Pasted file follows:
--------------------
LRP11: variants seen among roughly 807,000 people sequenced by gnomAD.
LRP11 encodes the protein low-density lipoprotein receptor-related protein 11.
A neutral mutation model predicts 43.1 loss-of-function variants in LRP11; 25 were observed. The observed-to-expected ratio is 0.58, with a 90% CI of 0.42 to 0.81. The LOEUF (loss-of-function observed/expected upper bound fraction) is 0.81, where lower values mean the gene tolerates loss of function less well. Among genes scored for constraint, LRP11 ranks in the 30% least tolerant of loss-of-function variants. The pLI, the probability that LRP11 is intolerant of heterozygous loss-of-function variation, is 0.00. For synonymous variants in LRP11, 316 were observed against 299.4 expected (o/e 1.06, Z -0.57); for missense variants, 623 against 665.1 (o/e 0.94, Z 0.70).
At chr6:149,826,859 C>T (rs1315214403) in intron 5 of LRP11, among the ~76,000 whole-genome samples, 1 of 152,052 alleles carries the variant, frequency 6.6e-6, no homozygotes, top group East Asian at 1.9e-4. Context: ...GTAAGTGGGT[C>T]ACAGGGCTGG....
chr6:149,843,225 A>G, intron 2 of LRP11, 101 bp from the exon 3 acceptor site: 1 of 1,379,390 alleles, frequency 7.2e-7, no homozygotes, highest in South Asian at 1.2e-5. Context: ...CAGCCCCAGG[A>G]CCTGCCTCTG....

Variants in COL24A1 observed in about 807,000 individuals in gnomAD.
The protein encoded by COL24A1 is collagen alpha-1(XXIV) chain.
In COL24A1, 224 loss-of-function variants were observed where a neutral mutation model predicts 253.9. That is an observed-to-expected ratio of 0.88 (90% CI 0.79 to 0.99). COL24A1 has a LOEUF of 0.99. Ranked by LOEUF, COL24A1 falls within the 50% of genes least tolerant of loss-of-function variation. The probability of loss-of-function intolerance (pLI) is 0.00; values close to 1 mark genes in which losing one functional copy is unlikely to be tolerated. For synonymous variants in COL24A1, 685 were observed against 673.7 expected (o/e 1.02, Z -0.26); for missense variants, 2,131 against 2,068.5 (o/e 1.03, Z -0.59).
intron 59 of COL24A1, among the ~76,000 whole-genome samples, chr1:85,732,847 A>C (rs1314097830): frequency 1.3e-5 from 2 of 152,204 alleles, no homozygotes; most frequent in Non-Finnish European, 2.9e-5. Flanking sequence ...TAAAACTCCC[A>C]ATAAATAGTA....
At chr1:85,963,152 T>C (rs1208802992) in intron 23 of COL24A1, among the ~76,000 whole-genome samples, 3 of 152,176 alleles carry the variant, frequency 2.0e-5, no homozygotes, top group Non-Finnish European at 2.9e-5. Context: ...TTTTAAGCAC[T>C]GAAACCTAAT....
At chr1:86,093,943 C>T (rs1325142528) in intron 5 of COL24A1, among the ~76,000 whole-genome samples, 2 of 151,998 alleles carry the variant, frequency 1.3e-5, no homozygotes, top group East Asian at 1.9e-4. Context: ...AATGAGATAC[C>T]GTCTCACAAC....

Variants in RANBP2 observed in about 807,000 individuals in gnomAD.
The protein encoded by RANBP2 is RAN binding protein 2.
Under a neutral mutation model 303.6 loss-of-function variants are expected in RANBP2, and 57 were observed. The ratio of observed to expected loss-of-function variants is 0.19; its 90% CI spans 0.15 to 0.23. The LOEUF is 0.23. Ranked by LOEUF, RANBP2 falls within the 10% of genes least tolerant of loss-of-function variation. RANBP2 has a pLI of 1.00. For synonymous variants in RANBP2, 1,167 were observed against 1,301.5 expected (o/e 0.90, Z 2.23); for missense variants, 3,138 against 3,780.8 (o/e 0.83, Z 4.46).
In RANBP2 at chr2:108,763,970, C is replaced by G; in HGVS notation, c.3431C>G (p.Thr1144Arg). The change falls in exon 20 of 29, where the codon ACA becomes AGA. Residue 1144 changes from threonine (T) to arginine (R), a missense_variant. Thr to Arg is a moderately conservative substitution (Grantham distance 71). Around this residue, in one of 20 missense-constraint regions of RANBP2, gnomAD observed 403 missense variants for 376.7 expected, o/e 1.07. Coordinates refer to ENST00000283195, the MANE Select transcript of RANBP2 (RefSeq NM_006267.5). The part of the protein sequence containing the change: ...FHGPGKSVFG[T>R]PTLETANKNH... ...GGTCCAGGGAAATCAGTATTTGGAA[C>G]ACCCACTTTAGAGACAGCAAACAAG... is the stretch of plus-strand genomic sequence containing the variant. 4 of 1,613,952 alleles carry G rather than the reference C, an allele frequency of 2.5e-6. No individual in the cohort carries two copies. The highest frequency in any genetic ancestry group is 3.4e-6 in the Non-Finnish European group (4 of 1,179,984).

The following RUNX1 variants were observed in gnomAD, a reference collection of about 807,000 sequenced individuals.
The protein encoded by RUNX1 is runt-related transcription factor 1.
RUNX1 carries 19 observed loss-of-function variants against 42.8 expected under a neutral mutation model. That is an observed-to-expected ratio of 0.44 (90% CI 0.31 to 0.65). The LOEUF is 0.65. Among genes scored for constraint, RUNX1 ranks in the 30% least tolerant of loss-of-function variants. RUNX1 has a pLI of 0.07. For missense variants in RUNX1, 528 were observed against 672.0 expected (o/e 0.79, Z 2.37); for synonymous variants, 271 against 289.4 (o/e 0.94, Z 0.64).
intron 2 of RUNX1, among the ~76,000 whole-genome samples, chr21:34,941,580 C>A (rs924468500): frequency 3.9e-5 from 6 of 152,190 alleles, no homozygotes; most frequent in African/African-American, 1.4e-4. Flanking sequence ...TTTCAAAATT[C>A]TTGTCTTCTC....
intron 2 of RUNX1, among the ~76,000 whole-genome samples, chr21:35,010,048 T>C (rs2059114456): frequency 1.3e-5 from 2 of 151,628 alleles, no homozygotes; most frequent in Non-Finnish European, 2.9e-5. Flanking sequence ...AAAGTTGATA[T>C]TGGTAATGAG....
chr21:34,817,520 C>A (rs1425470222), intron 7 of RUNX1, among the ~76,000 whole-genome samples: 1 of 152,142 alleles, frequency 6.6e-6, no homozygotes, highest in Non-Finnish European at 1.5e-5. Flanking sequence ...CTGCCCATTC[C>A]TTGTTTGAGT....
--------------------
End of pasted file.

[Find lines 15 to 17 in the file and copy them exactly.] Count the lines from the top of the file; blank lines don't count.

In RANBP2 at chr2:108,763,970, C is replaced by G; in HGVS notation, c.3431C>G (p.Thr1144Arg). The change falls in exon 20 of 29, where the codon ACA becomes AGA. Residue 1144 changes from threonine (T) to arginine (R), a missense_variant. Thr to Arg is a moderately conservative substitution (Grantham distance 71). Around this residue, in one of 20 missense-constraint regions of RANBP2, gnomAD observed 403 missense variants for 376.7 expected, o/e 1.07. Coordinates refer to ENST00000283195, the MANE Select transcript of RANBP2 (RefSeq NM_006267.5). The part of the protein sequence containing the change: ...FHGPGKSVFG[T>R]PTLETANKNH... ...GGTCCAGGGAAATCAGTATTTGGAA[C>G]ACCCACTTTAGAGACAGCAAACAAG... is the stretch of plus-strand genomic sequence containing the variant. 4 of 1,613,952 alleles carry G rather than the reference C, an allele frequency of 2.5e-6. No individual in the cohort carries two copies. The highest frequency in any genetic ancestry group is 3.4e-6 in the Non-Finnish European group (4 of 1,179,984).

The following RUNX1 variants were observed in gnomAD, a reference collection of about 807,000 sequenced individuals.
The protein encoded by RUNX1 is runt-related transcription factor 1.